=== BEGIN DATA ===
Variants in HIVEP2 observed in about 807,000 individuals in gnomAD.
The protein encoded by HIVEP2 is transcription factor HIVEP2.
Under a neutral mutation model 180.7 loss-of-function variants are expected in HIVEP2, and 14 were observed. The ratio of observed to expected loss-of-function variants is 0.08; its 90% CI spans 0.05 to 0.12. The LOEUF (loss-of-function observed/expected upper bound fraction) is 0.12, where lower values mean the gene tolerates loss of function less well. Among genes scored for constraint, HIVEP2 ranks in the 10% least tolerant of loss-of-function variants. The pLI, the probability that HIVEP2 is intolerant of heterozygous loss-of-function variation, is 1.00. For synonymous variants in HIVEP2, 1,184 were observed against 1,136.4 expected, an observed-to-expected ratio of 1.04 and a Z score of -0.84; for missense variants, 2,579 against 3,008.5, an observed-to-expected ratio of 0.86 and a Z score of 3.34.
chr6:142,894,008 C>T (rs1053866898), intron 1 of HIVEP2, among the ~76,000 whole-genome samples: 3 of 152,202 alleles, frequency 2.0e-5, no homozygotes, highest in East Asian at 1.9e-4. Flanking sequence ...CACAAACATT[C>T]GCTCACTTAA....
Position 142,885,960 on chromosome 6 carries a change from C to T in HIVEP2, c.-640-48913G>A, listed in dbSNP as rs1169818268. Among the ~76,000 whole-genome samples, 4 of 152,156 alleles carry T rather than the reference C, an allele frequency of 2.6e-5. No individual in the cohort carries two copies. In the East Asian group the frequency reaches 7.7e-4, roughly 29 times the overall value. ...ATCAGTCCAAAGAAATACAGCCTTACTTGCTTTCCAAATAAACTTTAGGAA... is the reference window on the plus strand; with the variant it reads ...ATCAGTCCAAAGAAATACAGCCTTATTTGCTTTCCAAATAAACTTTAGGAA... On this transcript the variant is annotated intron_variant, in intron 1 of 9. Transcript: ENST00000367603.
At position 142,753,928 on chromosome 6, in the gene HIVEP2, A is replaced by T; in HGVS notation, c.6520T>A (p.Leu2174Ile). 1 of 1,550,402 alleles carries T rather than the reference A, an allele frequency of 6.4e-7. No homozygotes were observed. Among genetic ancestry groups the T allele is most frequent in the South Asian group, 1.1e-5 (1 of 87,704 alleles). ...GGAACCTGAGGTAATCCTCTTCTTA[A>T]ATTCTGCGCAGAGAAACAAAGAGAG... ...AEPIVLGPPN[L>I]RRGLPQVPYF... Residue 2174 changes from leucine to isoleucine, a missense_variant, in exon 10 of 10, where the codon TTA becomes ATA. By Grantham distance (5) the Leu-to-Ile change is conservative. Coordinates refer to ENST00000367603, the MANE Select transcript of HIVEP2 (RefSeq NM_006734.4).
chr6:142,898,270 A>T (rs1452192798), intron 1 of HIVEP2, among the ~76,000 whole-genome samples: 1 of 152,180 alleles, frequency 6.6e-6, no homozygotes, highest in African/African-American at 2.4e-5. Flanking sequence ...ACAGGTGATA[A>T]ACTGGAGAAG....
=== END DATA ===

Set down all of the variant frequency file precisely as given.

Variants in HIVEP2 observed in about 807,000 individuals in gnomAD.
The protein encoded by HIVEP2 is transcription factor HIVEP2.
Under a neutral mutation model 180.7 loss-of-function variants are expected in HIVEP2, and 14 were observed. The ratio of observed to expected loss-of-function variants is 0.08; its 90% CI spans 0.05 to 0.12. The LOEUF (loss-of-function observed/expected upper bound fraction) is 0.12, where lower values mean the gene tolerates loss of function less well. Among genes scored for constraint, HIVEP2 ranks in the 10% least tolerant of loss-of-function variants. The pLI, the probability that HIVEP2 is intolerant of heterozygous loss-of-function variation, is 1.00. For synonymous variants in HIVEP2, 1,184 were observed against 1,136.4 expected, an observed-to-expected ratio of 1.04 and a Z score of -0.84; for missense variants, 2,579 against 3,008.5, an observed-to-expected ratio of 0.86 and a Z score of 3.34.
chr6:142,894,008 C>T (rs1053866898), intron 1 of HIVEP2, among the ~76,000 whole-genome samples: 3 of 152,202 alleles, frequency 2.0e-5, no homozygotes, highest in East Asian at 1.9e-4. Flanking sequence ...CACAAACATT[C>T]GCTCACTTAA....
Position 142,885,960 on chromosome 6 carries a change from C to T in HIVEP2, c.-640-48913G>A, listed in dbSNP as rs1169818268. Among the ~76,000 whole-genome samples, 4 of 152,156 alleles carry T rather than the reference C, an allele frequency of 2.6e-5. No individual in the cohort carries two copies. In the East Asian group the frequency reaches 7.7e-4, roughly 29 times the overall value. ...ATCAGTCCAAAGAAATACAGCCTTACTTGCTTTCCAAATAAACTTTAGGAA... is the reference window on the plus strand; with the variant it reads ...ATCAGTCCAAAGAAATACAGCCTTATTTGCTTTCCAAATAAACTTTAGGAA... On this transcript the variant is annotated intron_variant, in intron 1 of 9. Transcript: ENST00000367603.
At position 142,753,928 on chromosome 6, in the gene HIVEP2, A is replaced by T; in HGVS notation, c.6520T>A (p.Leu2174Ile). 1 of 1,550,402 alleles carries T rather than the reference A, an allele frequency of 6.4e-7. No homozygotes were observed. Among genetic ancestry groups the T allele is most frequent in the South Asian group, 1.1e-5 (1 of 87,704 alleles). ...GGAACCTGAGGTAATCCTCTTCTTA[A>T]ATTCTGCGCAGAGAAACAAAGAGAG... ...AEPIVLGPPN[L>I]RRGLPQVPYF... Residue 2174 changes from leucine to isoleucine, a missense_variant, in exon 10 of 10, where the codon TTA becomes ATA. By Grantham distance (5) the Leu-to-Ile change is conservative. Coordinates refer to ENST00000367603, the MANE Select transcript of HIVEP2 (RefSeq NM_006734.4).
chr6:142,898,270 A>T (rs1452192798), intron 1 of HIVEP2, among the ~76,000 whole-genome samples: 1 of 152,180 alleles, frequency 6.6e-6, no homozygotes, highest in African/African-American at 2.4e-5. Flanking sequence ...ACAGGTGATA[A>T]ACTGGAGAAG....